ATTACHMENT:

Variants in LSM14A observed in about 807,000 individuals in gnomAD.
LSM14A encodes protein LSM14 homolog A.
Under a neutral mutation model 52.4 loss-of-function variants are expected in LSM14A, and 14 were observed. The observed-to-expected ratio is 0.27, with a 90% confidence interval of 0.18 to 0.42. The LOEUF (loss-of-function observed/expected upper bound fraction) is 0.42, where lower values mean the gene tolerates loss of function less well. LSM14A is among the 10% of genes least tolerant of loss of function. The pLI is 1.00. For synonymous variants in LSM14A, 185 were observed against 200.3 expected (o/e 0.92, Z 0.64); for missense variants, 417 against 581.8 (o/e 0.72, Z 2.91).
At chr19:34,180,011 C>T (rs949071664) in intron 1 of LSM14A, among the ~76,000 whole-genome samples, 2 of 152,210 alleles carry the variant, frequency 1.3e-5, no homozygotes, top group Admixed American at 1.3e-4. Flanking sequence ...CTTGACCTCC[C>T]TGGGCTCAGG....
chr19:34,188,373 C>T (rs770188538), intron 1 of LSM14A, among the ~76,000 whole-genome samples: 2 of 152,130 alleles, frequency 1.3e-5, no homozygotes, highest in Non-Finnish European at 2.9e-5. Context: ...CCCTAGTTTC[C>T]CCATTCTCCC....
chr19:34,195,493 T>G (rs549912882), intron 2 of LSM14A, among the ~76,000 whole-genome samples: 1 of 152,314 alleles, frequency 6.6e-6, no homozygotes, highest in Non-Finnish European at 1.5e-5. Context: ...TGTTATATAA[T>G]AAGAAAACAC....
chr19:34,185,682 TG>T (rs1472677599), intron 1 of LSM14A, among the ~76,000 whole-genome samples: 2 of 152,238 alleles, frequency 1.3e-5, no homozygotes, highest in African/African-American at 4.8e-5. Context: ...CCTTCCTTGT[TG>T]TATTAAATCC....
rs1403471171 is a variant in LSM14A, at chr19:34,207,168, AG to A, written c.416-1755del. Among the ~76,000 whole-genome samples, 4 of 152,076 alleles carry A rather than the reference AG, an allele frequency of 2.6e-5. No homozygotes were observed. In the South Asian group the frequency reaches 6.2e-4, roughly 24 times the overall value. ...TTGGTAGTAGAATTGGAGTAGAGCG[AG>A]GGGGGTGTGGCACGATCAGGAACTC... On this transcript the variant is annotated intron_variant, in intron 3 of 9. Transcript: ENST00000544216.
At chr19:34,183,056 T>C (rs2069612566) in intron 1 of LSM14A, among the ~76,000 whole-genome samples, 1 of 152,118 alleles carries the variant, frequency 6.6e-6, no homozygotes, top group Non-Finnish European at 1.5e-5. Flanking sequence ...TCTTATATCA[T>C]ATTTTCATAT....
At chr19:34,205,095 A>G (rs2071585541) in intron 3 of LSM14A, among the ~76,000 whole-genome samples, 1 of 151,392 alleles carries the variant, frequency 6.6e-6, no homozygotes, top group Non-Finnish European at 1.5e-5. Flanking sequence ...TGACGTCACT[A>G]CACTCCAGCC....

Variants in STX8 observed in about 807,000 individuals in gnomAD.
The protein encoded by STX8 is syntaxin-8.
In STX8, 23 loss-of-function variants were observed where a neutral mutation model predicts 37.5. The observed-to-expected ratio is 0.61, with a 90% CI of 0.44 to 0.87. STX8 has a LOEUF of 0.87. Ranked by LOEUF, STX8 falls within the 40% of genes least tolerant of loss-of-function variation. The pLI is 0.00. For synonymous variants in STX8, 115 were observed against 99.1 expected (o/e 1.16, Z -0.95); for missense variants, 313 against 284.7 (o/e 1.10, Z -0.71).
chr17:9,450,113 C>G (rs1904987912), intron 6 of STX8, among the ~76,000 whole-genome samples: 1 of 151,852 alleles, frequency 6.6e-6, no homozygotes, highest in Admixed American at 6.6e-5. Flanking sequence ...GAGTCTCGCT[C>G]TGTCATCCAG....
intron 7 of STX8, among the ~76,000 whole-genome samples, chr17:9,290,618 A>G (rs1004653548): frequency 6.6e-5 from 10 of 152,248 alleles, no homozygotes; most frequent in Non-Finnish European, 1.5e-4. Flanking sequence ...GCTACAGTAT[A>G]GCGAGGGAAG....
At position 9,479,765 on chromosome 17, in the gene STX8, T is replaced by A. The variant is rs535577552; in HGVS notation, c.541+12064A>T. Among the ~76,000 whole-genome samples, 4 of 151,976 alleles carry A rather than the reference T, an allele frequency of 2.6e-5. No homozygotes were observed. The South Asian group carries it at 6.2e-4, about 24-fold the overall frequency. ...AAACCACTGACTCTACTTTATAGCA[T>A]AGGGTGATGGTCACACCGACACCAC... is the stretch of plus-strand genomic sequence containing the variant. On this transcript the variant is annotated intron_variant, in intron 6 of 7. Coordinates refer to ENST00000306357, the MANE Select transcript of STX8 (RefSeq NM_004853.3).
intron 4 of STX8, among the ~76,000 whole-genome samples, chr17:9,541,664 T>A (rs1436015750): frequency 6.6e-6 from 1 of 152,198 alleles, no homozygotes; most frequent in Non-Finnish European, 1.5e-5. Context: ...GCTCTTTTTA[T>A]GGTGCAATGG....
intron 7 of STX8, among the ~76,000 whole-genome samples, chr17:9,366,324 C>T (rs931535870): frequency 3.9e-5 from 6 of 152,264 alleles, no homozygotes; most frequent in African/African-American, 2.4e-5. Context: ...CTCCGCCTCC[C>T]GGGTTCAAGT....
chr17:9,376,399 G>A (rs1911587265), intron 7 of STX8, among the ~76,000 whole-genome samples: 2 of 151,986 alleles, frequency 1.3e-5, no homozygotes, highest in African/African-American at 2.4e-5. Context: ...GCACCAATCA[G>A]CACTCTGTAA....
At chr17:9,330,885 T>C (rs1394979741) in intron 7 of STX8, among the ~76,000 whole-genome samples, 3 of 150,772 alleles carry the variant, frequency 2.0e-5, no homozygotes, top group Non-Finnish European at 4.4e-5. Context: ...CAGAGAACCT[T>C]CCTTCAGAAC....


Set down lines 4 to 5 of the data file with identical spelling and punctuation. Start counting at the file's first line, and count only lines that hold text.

At chr19:34,180,011 C>T (rs949071664) in intron 1 of LSM14A, among the ~76,000 whole-genome samples, 2 of 152,210 alleles carry the variant, frequency 1.3e-5, no homozygotes, top group Admixed American at 1.3e-4. Flanking sequence ...CTTGACCTCC[C>T]TGGGCTCAGG....
chr19:34,188,373 C>T (rs770188538), intron 1 of LSM14A, among the ~76,000 whole-genome samples: 2 of 152,130 alleles, frequency 1.3e-5, no homozygotes, highest in Non-Finnish European at 2.9e-5. Context: ...CCCTAGTTTC[C>T]CCATTCTCCC....